According to the Global mobile Suppliers Association (GSA), Myanmar Posts and Telecommunications (MPT) has standardised a 20MHz block in the 1800MHz spectrum band for Frequency Division-Long Term Evolution (FD-LTE) use, and intends to trial the technology in 2013. It is unclear precisely when the information was divulged, but an LTE pilot project in Myanmar was one of the key topics of discussion at December 2012’s ‘Into Myanmar’ ICT summit, an event the GSA attended. Interestingly, perhaps with one eye on the much-coveted wireless licences set to be auctioned off in Myanmar later this year, Jamaica-based mobile group Digicel was one of the event’s main sponsors, and David Dillon, the general counsel of its Asia Pacific division (which currently comprises units in Vanuatu, Samoa, Papua New Guinea, Tonga, Fiji and Nauru) delivered a talk on the development of a new regulatory framework for Myanmar. It has long been rumoured that Digicel is keen to secure a partnership agreement with incumbent operator MPT, rather than launching a green-field operation.
According to TeleGeography’s GlobalComms Database, plans are underway for state-owned service provider MPT to be dismantled, with its telecoms operations hived off into a new entity, Myanmar Telecom, which will operate without funding from the government. The country’s only other telco, Yatanarpon Teleport, will become Yatanarpon Telecom, while unified licences will be offered to two new operators, with international telecoms operators invited to lodge an Expression of Interest (EoI) since late-2012. Applicants should have at least four million subscribers in one or more countries and generate annual gross revenues of at least USD400 million, or hold a minimum 50.1% stake in an operator that meets those requirements. Operators are also encouraged to partner with a Myanmar-based company, although this is not a formal requirement.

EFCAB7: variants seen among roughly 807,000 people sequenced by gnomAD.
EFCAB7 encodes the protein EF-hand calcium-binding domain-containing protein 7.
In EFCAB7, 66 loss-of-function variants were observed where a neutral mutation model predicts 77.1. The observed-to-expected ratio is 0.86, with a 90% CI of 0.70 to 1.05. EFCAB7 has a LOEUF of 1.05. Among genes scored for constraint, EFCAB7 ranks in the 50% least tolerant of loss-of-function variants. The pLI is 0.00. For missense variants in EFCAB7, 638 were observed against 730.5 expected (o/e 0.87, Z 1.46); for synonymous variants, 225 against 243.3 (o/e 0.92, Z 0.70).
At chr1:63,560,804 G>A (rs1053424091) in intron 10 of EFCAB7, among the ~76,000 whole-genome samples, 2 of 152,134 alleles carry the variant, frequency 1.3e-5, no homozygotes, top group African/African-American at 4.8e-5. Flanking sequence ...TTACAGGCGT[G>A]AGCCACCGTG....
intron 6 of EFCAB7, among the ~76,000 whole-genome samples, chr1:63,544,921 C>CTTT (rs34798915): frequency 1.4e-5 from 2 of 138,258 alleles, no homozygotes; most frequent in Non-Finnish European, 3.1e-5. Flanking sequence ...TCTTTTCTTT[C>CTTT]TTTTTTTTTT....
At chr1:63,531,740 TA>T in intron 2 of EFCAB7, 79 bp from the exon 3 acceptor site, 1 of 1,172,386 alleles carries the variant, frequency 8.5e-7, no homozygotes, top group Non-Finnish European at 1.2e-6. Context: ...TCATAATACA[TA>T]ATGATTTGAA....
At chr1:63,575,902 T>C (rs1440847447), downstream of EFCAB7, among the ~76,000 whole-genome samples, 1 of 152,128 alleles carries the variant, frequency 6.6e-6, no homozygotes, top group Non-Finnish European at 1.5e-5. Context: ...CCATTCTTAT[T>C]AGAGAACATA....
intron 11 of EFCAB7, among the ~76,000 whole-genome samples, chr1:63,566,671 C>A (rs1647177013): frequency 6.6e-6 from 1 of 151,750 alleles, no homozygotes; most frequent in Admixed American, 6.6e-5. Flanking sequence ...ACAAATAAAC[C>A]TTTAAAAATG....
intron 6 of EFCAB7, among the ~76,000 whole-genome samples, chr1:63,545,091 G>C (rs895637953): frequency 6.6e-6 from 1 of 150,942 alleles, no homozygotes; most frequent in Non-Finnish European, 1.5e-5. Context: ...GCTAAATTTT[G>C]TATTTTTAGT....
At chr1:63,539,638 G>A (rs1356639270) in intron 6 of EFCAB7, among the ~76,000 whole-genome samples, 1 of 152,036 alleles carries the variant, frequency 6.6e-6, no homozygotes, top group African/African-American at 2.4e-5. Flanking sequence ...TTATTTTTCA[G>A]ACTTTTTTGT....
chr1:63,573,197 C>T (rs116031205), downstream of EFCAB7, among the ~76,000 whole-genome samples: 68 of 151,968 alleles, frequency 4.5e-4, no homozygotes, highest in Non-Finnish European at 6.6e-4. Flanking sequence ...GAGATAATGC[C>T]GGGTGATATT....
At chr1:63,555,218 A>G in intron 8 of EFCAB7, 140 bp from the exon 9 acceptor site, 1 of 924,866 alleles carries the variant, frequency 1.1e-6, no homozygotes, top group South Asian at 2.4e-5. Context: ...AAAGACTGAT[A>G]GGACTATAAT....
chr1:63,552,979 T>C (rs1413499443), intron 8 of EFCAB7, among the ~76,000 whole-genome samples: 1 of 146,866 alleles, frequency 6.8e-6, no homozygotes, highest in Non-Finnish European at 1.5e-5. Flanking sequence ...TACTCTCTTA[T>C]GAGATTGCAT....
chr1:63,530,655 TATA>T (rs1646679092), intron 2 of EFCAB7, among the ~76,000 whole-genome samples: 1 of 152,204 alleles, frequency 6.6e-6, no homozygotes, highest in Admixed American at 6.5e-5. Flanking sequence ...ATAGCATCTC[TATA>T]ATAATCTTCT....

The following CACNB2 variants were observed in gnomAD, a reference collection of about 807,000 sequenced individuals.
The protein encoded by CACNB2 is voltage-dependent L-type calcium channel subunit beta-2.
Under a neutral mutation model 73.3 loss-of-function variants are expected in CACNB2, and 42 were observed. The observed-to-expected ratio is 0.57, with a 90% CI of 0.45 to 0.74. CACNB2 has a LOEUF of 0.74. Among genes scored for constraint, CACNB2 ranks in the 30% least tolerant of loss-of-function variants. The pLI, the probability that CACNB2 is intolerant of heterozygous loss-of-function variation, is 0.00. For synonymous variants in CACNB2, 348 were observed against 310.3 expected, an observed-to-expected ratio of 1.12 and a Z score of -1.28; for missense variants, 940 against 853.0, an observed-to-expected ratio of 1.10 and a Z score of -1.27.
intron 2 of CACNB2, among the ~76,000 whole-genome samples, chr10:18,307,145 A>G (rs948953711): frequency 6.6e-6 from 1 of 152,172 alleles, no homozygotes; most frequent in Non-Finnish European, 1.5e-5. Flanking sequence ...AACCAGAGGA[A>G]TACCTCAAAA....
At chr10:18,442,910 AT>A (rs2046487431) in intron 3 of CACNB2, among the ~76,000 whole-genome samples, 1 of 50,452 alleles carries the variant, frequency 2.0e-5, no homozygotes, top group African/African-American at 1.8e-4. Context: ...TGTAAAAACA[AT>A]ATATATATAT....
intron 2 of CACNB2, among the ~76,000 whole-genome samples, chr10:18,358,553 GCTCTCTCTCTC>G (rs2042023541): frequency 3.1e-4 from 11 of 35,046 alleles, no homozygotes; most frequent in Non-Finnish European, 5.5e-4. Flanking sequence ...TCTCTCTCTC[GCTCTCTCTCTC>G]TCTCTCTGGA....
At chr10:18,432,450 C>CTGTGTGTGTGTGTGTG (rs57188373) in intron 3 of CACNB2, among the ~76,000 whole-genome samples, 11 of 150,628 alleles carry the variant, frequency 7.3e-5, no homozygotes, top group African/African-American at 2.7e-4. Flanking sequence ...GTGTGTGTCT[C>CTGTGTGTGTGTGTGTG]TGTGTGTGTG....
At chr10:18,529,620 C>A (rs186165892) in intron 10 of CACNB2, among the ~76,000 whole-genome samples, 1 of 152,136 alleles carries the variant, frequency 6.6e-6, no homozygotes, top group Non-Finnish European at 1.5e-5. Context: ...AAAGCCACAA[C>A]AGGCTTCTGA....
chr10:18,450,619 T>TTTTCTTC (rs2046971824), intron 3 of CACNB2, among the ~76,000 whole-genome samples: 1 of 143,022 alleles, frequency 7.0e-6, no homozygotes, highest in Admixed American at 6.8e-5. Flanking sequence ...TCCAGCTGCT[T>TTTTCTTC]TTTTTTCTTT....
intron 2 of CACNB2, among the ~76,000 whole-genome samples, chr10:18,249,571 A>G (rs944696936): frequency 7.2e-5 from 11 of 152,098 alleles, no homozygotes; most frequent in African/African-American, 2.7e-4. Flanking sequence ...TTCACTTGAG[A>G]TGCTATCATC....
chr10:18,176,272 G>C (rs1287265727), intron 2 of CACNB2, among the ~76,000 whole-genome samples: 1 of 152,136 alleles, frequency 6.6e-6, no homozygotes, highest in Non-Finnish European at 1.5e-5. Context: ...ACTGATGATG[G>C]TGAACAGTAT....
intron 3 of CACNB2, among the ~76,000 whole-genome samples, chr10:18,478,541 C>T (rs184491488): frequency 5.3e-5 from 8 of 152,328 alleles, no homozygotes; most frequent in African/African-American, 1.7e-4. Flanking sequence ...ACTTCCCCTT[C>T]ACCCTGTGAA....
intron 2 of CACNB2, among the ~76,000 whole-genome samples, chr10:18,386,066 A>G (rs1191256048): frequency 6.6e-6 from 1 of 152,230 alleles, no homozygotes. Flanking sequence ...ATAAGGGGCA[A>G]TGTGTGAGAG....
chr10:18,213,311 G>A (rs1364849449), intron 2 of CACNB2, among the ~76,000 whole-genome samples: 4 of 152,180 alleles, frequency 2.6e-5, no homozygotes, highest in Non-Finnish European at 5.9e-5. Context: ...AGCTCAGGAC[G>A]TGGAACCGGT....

To date 90 firms have expressed an interest in securing a new licence in the comparatively untapped market, including: Digicel, MTN Group of South Africa, India’s Bharti Airtel, Singapore’s SingTel, Malaysia’s Axiata, Singapore-based telecoms investor ST Telemedia (with interests including StarHub and Malaysia’s U Mobile), Thai operator AIS (via parent Shin Corp/InTouch), Norway’s Telenor (parent of Thailand’s DTAC), Thai firms Advanced Info Service (AIS) and True Corp, PT Telkomunikasi Indonesia (Telkom) and NTT DoCoMo and KDDI of Japan.
Late last year, a new foreign investment law was passed by the country’s parliament; it includes the possibility of an eight year tax exemption if new projects are deemed profitable for the country. In addition, foreign investors can lease land from the government – or from authorised private owners – for up to 50 years, depending on the type and size of the investment, and the deal can be extended twice, for ten years each time. Foreigners can still own 100% of businesses without the need for a local partner, as in the previous law dating from 1988, but there could be restrictions in some areas.